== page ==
We’ve already told you that the incredible looking Star Wars 1313 has been canned, but the more important bit of that news is that LucasArts, as a game development studio, no longer exists. We’ve reported on a number development studio closures this generations, but I don’t think any of them have hit me right in the childhood quite like this.
I have fond recollections of booting up games and being greeted with that little golden guy, so ubiquitous in the 90’s. So many of my very favourite games, still so firmly rooted in memory, came courtesy of the teams at Lucasarts; the finest purveyors of point-and-click adventure games to have ever existed. Here are the ones that meant most to me.
It all started, for me at least, with this in 1987, Ron Gilbert and Gary Winnick’s hilarious adventure game tribute to B-grade horror flicks, Maniac Mansion.
The game that really made me fall in love with LucasArts as an adventure game developer though was 1990’s SCUMMY tale of a pirate inept, the delightful Guybrush Threepwood in The Secret of Monkey Island and, of course, its follow-up, LeChuck’s revenge the next year.
Obviously an adventure game factory, LucasArts gave us the licenced title, Indiana Jones and the Fate of Atlantis the very next year – which is still a better Indy experience than that shark-jumping, fridge-nuking Crystal Skull nonsense.
Maniac Mansion of course, gave rise to a sequel, Day of the Tentacle, this time under Tim Shafer and Dave Grossman, which in 1993 was one of the very first boxed video game products I’d ever bought – and still stands as one of the funniest, smartest games of its ilk.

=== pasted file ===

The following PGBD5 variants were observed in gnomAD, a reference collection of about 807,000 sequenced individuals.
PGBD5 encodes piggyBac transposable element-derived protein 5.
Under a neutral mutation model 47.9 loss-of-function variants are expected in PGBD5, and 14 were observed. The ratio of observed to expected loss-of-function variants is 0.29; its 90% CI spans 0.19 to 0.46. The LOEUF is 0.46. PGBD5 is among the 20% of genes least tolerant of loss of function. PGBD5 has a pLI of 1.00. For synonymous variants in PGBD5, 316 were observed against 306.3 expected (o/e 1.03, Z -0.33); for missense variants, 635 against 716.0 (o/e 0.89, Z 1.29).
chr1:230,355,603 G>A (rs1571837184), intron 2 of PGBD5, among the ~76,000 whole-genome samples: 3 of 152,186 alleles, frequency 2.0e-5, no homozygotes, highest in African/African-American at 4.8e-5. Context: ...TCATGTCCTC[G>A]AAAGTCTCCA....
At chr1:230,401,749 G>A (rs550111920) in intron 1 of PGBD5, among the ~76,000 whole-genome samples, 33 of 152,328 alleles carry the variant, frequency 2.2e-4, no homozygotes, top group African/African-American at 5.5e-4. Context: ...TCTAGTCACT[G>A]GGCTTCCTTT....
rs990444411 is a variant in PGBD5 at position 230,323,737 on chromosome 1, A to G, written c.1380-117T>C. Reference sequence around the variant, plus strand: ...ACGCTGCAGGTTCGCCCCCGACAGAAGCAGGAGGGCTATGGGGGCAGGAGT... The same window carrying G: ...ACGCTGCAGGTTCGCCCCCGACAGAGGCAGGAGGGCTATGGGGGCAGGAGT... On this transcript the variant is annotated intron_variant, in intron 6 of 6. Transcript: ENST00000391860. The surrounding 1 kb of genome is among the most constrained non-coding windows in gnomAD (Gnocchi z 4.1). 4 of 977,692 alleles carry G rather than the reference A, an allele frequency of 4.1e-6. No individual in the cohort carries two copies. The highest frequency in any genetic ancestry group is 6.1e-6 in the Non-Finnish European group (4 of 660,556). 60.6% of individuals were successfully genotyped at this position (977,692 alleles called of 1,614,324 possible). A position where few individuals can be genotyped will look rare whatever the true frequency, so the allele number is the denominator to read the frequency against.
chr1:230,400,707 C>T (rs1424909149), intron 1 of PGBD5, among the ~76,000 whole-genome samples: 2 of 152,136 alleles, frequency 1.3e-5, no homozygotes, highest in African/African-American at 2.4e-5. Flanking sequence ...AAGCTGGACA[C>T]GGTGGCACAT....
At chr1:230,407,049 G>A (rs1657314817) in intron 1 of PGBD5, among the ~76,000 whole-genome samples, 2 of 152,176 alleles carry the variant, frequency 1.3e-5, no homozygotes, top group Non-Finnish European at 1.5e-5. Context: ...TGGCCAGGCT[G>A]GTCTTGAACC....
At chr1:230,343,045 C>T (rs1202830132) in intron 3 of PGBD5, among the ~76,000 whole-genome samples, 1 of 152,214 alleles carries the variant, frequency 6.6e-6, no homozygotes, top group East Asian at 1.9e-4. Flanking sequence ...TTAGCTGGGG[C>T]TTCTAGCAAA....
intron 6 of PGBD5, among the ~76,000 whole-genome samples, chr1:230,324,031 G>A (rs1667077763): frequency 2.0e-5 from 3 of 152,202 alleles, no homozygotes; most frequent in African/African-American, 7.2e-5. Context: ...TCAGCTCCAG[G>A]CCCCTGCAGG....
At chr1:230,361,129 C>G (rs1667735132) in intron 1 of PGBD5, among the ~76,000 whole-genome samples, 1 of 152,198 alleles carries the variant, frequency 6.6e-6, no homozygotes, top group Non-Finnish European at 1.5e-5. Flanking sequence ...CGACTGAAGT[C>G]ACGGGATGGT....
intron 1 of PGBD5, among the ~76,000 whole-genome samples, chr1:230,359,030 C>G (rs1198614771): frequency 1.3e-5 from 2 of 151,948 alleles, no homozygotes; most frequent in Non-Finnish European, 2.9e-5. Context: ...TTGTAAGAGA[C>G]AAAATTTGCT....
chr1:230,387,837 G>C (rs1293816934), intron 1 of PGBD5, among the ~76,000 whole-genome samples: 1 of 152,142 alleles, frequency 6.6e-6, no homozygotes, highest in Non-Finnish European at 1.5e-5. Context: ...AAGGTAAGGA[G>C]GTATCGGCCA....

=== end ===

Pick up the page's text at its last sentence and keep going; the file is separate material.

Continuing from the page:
That same year also gave us LucasArts take on comic-book anti-hero Dog and psychotic rabbit duo Sam and Max, in Hit the Road. I will never forget that giant ball of twine.
I don’t think much needs to be said about Tim Shafer’s Full Throttle, released in 1995; which I’m sure is a favourite of yours too. Bikers, Hard Rock and Point and click shenanigans? That we never got to see more, despite numerous announced (but ultimately cancelled) sequels is one of gaming’s biggest travesties. “Help me Ben, You’re my only hope!
This is but a small sample of the company’s many adventure games, with other titles like 1995’s The Dig and the last real adventure game they produced, Grim Fandango as some of the last testaments of a genre that was, until revived by Telltale Games, essentially dead.
“Even though part of me felt this was coming, I’m still, somehow, shocked,” former LucasArts genius Tim Shafer told Kotaku. “I never thought that Lucas would actually shut down. I feel badly for all the talented people there. LucasArts was my first job in the industry. And sad to see all that history go away. And all that concept art. I’m going to be dumpster diving behind their offices for a while to see if I can find any old Full Throttle concept art.”
And of course, there are the many, many Star Wars games; to numerous to even list, but including those old space combat gems like X-Wing and Tie Fighter and more modern ones like the N64’s excellent Rogue Squadron – to shooters like Dark Forces and its Jedi Knight sequels and more multiplayer shooters like Battlefront.
Though it could be reasonably argued that LucasArts hasn’t really produced much of worth in the last decade, it’s still a dark day for gaming, and the gaming industry as a whole. More unfortunate is that the last two games released bearing the LucasArts name were Angry Birds: Star Wars, and the frankly terrible Kinect Stars Wars.
What a way to end a legacy.
Tell us, what’s your favourite LucasArts Memory?
In this article
I'm old, grumpy and more than just a little cynical. One day, I found myself in possession of a NES, and a copy of Super Mario Bros 3. It was that game that made me realise that games were more than just toys to idly while away time - they were capable of being masterpieces. I'm here now, looking for more of those masterpieces. I am also the emperor of the backend